Vital Disc Stats: The Ultra HD Blu-ray
Lionsgate Home Entertainment brings Valerian and the City of a Thousand Planets to 4K Ultra HD Blu-ray as a two-disc combo pack with a flyer for a Digital HD Copy, which can be redeemed via EuropaRedeem.com or through VUDU but only available in HD SDR and HDX. The triple-layered UHD100 disc sits comfortably opposite a Region A locked, BD50 disc inside a black, eco-vortex case with a glossy slipcover. At startup, the disc goes straight to a static menu screen with full-motion clips and music playing in the background.
The Video: Sizing Up the Picture
Valerian rides into danger with a great-looking if also a tad underwhelming HEVC H.265 encode that isn't much sharper than its Blu-ray counterpart. The same slightly softer moments persist and made all the more apparent while the sharpest edges along computer monitors, spaceships and even in the Commander's ornate uniform expose some mild shimmering. However, the fine lines of the stitching and threading in the sometimes-silly costumes remain distinct, and facial complexions are bit more revealing with excellent textural details and a lifelike rosiness in the human characters. Shot on the Arri Alexa digital camera, capable of 3.2K resolution but later mastered in a 2K digital intermediate, the many CG sequences are highly detailed, often laying bare the pipe and wire inners of Alpha or showing the well-defined gadgets and particulars of the various alien creatures. But just like on the BD, there are also times when those same sequences are a tad softer than the rest and when in contact with live-action.
Presented in 2.40:1 aspect ratio, the freshly-minted HDR transfer also lands with average contrast compared to other recent UHD releases. Although whites remain crisp and clean, they are not significantly brighter or any more vivid than before, making the overall 4K presentation seem a wee-bit duller compared the HD SDR version. In fact, there are times when certain scenes tend to run hotter than normal, creating a bit of blooming in areas where the specular highlights should have received a welcomed boost, such as the computer screens ruining the fine lettering or the Mül plasma guns looking like white blobs. On the plus side, brightness levels offer a noteworthy improvement, delivering inky rich and silky blacks, which are greatly appreciated when our pair of heroes don their police-escort suits and in the Commander's robot soldiers showing stunning gradational differences between the various shades. Shadows are also deep and penetrating, providing better depth while maintaining excellent detailing and clarity in the darkest portions.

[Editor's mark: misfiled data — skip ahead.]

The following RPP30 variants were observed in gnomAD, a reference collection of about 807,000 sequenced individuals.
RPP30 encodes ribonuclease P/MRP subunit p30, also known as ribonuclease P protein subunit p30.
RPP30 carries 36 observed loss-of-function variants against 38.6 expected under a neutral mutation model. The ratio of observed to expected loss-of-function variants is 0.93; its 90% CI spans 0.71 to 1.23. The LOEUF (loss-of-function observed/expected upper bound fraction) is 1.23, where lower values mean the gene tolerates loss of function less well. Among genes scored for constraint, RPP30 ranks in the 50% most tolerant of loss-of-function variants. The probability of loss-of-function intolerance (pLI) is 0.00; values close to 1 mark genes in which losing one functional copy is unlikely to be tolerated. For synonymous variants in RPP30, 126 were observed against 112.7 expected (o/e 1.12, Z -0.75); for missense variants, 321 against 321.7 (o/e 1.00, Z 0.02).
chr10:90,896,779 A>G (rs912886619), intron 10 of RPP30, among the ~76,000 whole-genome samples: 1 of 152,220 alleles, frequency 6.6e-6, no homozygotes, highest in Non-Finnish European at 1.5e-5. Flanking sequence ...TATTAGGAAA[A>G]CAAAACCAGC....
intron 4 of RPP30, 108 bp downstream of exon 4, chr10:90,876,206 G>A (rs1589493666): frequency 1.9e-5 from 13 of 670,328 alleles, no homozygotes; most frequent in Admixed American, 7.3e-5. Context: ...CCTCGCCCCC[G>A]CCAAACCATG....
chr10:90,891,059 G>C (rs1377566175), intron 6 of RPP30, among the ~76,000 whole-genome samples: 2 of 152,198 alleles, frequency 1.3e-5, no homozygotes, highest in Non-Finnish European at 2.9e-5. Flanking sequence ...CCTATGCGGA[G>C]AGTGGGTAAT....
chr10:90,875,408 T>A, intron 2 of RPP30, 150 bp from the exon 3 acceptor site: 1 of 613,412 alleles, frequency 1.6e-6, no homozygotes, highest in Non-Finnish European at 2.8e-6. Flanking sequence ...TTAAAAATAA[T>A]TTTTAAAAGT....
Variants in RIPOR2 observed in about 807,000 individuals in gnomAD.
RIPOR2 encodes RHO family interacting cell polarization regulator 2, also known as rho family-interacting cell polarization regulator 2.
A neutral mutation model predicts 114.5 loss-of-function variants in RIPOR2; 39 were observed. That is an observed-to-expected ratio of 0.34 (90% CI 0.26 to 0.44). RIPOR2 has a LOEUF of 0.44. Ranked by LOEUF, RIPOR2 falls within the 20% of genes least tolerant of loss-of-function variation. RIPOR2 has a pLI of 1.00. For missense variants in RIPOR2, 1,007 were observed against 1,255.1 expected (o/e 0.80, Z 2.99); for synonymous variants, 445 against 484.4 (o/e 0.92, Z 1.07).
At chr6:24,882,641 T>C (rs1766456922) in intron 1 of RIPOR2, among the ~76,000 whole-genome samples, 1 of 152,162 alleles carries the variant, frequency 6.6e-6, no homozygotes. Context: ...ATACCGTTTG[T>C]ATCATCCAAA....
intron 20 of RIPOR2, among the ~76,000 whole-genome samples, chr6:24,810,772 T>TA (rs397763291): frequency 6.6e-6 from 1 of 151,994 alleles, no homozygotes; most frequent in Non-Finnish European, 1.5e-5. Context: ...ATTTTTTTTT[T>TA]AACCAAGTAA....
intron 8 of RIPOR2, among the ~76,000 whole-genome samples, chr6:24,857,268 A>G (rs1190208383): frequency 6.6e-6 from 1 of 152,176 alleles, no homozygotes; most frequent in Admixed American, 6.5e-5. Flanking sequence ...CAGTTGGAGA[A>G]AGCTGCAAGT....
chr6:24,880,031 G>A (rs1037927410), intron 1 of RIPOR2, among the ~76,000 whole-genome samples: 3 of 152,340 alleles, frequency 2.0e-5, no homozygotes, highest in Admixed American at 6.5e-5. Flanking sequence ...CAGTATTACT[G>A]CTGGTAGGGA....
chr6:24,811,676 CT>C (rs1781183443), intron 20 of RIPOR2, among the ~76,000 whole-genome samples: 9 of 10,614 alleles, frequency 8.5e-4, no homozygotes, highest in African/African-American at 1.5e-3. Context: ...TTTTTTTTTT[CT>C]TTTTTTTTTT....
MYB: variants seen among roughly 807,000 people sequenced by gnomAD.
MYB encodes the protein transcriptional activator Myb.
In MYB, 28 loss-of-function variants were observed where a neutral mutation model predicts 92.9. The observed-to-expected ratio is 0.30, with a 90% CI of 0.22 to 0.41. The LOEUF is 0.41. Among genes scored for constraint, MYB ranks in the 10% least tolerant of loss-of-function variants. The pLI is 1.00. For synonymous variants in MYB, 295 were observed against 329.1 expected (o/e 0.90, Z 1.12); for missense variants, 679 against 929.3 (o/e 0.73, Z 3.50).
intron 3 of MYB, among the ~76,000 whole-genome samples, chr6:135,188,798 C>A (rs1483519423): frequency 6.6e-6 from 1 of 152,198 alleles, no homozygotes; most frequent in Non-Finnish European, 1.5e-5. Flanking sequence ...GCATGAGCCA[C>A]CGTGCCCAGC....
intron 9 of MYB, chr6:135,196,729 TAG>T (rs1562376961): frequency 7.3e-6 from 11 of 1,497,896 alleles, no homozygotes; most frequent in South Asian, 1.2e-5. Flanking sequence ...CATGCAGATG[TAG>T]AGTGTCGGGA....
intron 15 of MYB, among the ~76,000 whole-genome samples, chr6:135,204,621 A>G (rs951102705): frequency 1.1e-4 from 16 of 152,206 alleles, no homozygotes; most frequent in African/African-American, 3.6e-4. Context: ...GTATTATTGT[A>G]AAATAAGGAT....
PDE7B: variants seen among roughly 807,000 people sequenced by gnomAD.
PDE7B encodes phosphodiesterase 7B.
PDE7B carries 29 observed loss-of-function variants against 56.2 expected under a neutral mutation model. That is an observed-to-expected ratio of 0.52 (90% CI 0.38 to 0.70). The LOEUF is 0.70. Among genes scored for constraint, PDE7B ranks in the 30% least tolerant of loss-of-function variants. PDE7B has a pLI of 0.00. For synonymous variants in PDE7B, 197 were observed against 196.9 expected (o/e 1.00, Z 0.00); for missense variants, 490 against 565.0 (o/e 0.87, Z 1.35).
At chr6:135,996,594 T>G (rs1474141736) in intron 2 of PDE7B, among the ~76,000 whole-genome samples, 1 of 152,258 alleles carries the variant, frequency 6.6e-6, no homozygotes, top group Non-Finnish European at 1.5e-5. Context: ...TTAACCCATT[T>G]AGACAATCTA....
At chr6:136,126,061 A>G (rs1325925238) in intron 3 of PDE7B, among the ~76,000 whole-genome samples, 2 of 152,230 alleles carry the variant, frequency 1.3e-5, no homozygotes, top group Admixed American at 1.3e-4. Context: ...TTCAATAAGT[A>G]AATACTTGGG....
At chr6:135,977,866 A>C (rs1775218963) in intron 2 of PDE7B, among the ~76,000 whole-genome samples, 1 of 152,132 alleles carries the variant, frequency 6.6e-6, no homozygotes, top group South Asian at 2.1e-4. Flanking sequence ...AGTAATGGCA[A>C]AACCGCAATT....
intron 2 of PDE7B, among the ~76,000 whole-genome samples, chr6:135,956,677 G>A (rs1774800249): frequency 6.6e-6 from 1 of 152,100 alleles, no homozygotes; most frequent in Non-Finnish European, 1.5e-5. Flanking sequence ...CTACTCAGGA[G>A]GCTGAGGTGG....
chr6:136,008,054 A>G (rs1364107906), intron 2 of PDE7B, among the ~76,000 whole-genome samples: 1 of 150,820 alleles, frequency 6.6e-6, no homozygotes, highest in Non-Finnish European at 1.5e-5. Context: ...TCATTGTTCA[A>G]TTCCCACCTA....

Arguably the biggest surprise keeping the Ultra HD from receiving higher marks is a color palette that isn't any more vivid and intense than in HD. Granted, the photography of Thierry Arbogast still dazzles the screen with a terrific spectacle of primaries, but they don't really look much different than before, which is probably better than looking weaker. But on a more positive note, the jump to UHD does come with a slightly wider array of secondary hues, showing brighter magentas and yellows to give the production a fun, animated feel. A genuine highlight for better appreciating this is the scene with the neon-colored butterflies and the richly-saturated feast for the eyes known as Paradise Alley, making for a more memorable 4K HDR presentation.
UPDATE: Unfortunately, I forgot to also watch the Dolby Vision HDR version of the movie though considering how busy my week has been, it's perhaps not too surprising this somehow slipped my attention. Nevertheless, I take complete responsibility for this oversight, and having now watched Valerian for a third time, I've updated the score on the picture quality because the DV offers a dramatic improvement over both the HD SDR and HDR10 encodes.
While resolution and clarity understandably don't show any change, contrast is significantly brighter and more vivid with blazingly crisp and intense whites. There is also a major difference in the specular highlights, making lights radiate and glisten much brighter while looking tighter and sparkling without ruining the finer details. Even more surprising are the richer, silkier blacks throughout, providing the image with better dimensionality and superb, inky shadows. The best part, the area where Dolby Vision proves superior over HDR10, is the richly-saturated palette display far more sumptuous primaries, like the luminous blues of lights, the jubilant reds on some of the aliens and the more true-to-life greens of the solider uniforms. The same goes for the vividly luminous and wider selection of secondary hues which continuously dazzle the screen. Like with the HDR10 version, the scenes in the extra-dimensional Big Market, with the neon butterflies and at Paradise Alley are the 4K presentation's mesmerizing highlights, offering a feast for the eyes and some wonderfully demo-worthy moments.